In Memorium

Today is Memorial Day in the United States, a holiday formerly and still solemn for many, that once was called Decoration Day.  Its origins lie mostly in the immediate post-Civil War period with the women who decorated the graves of fallen soldiers and began a move toward a national day of mourning. According to Wikipedia, the early southern Decoration Day celebrations were simple, somber occasions for veterans and their families to honor the dead and tend to local cemeteries. The custom spread to the north and became widespread, incorporating military parades.

(Decoration_Day_procession,_San_Francisco)_(9628658825)

By California Historical Society Digital Collection, via Wikimedia Commons

Decoration Day, celebrated on May 30 because of the proliferation of spring flowers, was first called Memorial Day in 1882. It wasn’t officially named that until 1967, and in 1968 became one of several national holidays to take place on a Monday rather than a date certain.

More than a million military men and women have given their lives in military service to the United States of America. Wickeds and friends, who will you remember today? In which conflict did he or she die?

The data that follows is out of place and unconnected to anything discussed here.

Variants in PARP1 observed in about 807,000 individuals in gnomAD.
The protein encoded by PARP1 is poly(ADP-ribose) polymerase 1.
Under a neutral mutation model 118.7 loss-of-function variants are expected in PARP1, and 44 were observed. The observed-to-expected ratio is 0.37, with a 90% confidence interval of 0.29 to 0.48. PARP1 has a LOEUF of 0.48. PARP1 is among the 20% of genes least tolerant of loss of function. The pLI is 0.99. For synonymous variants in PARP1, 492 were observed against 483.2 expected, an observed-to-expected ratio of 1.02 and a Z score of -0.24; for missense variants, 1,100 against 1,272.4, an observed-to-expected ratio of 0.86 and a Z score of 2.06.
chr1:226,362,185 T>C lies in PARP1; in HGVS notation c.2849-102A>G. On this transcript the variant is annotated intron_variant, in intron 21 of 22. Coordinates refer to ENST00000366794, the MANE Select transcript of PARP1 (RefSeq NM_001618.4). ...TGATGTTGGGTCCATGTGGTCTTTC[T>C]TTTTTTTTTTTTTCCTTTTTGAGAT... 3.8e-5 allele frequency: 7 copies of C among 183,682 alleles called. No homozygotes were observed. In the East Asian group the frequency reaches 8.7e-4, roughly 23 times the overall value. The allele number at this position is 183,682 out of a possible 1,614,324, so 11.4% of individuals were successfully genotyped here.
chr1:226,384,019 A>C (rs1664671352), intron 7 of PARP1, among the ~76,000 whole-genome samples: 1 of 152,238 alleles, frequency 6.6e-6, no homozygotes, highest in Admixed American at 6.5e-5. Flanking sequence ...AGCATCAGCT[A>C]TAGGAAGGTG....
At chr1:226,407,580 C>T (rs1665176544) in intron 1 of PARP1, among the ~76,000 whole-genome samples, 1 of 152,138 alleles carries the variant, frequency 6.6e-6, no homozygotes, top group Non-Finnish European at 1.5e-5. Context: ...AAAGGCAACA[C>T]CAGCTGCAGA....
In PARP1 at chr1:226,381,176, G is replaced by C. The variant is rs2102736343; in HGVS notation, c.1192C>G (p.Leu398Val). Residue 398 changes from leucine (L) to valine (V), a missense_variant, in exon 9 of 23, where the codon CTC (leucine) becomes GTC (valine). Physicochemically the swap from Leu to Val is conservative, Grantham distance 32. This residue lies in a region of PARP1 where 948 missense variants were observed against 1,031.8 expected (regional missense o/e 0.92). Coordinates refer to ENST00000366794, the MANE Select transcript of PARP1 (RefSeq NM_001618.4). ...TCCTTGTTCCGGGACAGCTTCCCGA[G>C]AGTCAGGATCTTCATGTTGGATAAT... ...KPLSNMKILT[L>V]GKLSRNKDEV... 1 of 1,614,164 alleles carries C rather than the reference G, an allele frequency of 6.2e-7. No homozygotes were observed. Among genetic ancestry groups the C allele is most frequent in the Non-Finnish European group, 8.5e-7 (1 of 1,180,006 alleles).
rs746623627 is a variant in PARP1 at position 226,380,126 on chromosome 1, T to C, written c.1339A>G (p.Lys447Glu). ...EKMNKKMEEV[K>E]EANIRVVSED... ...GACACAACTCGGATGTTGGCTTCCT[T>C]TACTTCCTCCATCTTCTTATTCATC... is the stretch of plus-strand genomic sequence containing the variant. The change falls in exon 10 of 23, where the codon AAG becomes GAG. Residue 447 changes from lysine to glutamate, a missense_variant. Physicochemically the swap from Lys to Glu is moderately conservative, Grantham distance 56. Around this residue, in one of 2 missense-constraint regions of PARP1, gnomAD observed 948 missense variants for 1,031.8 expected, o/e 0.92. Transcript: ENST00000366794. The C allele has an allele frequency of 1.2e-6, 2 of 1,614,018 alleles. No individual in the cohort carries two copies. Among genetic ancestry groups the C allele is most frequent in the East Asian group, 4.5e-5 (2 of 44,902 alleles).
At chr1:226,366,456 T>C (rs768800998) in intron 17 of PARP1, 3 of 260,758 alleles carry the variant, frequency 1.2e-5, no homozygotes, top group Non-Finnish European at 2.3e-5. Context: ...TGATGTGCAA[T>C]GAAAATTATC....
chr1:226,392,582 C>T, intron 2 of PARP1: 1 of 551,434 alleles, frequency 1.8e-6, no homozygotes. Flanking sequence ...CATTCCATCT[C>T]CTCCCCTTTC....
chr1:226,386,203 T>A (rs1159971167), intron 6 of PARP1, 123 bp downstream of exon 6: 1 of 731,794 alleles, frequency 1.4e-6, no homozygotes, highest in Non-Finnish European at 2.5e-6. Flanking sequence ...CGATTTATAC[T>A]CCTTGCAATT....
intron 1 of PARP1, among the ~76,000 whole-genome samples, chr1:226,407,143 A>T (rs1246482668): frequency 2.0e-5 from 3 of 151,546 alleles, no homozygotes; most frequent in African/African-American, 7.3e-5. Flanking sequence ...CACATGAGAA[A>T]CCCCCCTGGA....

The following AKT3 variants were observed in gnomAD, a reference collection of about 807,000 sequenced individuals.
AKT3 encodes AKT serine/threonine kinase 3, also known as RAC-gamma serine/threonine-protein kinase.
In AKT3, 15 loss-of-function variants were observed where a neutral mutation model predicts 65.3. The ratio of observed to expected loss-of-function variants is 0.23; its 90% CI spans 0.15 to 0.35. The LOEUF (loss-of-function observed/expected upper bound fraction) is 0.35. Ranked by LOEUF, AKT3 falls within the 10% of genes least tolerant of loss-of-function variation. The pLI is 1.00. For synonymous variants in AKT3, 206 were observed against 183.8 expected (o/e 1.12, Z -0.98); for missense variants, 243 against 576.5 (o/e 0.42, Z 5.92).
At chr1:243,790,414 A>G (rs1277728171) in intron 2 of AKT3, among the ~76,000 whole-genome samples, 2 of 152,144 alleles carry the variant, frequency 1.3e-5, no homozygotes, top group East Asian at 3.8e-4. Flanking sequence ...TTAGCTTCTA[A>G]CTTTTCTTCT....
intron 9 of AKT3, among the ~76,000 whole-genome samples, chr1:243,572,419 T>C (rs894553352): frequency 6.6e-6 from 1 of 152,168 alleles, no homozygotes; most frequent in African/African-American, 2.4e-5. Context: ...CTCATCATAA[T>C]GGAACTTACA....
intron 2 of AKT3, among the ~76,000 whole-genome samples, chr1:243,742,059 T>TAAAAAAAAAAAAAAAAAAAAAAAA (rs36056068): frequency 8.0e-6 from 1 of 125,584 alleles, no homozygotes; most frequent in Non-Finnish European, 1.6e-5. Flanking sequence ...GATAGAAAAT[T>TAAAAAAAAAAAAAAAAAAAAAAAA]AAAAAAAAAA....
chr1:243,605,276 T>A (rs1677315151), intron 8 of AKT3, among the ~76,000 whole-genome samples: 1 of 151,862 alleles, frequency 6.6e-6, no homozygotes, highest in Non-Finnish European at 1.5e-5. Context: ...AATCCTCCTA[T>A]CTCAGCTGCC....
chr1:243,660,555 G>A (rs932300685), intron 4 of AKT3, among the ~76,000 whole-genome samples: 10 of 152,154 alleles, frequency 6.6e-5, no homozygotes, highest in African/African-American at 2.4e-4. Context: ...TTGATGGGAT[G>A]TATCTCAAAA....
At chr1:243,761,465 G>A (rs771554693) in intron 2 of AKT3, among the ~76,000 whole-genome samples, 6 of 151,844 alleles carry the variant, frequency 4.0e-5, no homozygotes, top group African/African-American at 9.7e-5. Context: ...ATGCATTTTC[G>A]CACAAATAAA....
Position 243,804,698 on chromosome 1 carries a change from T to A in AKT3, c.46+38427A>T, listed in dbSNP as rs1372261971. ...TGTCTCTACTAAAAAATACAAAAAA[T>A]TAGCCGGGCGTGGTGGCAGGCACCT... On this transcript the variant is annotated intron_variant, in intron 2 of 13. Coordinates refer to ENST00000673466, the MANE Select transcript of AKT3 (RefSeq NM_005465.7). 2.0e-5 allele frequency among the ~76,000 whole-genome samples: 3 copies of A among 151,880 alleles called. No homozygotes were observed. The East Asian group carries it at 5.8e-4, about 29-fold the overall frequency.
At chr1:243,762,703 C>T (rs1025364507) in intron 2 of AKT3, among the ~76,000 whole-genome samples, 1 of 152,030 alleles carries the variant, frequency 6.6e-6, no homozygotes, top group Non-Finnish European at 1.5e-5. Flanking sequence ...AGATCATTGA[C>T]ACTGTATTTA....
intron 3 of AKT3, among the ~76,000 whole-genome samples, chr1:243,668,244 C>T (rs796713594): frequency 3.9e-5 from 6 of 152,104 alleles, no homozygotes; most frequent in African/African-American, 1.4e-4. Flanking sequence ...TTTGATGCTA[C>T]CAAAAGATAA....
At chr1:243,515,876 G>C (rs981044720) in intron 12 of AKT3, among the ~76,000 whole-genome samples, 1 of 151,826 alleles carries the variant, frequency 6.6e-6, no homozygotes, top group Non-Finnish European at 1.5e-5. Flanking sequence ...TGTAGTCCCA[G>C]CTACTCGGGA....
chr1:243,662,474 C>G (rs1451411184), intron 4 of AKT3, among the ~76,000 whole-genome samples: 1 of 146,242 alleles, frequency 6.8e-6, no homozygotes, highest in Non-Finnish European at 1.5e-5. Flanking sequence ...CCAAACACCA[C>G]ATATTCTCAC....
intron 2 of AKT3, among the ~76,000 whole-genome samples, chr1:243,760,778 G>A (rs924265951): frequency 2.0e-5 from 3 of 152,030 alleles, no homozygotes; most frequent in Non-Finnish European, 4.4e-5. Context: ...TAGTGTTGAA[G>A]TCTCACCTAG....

Adoniram Judson Dickison. (My brother has the sword.)

Barb: I’m not aware of anyone in my family who has been killed in a war. My father served in Korea, his father in World War I, and his uncle and uncle-in-law in World War II. My great-great grandfather served in the Civil War. You can read some of his letters home to his niece, Alice, here. Ancestry.com informs me of many veterans before them, going back to the Revolution and beyond. It’s a long chain of sacrifice to bring us to today.

Sherry: Like Barb I’m not aware of anyone in my family who was killed in action. But my dad served in WWII. He’s buried in Barrancas National Cemetery in Pensacola, Florida. While we were in Florida visiting my mom over Christmas, my husband and I were able to stop at Barancas on our way to the airport. It was a cold, rainy, windy day. But It’s a very moving place and I’m grateful to the strangers who place wreaths every year at Christmas.

Lockhart